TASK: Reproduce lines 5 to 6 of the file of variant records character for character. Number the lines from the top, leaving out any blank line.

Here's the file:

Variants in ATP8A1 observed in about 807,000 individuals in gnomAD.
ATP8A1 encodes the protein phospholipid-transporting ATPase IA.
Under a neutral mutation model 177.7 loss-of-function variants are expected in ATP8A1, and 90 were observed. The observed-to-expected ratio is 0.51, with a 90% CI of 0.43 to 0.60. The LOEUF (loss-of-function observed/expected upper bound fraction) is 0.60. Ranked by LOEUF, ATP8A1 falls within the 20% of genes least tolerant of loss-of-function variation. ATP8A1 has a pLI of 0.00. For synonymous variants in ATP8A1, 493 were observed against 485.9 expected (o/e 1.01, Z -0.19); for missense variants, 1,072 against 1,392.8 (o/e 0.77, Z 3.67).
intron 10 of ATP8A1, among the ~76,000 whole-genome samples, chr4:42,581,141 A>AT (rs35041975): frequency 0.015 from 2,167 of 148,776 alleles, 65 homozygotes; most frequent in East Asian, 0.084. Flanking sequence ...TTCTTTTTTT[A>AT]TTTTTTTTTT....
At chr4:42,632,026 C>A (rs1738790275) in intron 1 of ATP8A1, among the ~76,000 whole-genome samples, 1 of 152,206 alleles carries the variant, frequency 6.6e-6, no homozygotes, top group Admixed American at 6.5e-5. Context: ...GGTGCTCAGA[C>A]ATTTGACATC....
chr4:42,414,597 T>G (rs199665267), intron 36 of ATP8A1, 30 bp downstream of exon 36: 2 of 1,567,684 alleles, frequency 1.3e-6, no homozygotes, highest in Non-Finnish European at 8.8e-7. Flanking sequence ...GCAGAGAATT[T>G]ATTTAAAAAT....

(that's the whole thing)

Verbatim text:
At chr4:42,632,026 C>A (rs1738790275) in intron 1 of ATP8A1, among the ~76,000 whole-genome samples, 1 of 152,206 alleles carries the variant, frequency 6.6e-6, no homozygotes, top group Admixed American at 6.5e-5. Context: ...GGTGCTCAGA[C>A]ATTTGACATC....
chr4:42,414,597 T>G (rs199665267), intron 36 of ATP8A1, 30 bp downstream of exon 36: 2 of 1,567,684 alleles, frequency 1.3e-6, no homozygotes, highest in Non-Finnish European at 8.8e-7. Flanking sequence ...GCAGAGAATT[T>G]ATTTAAAAAT....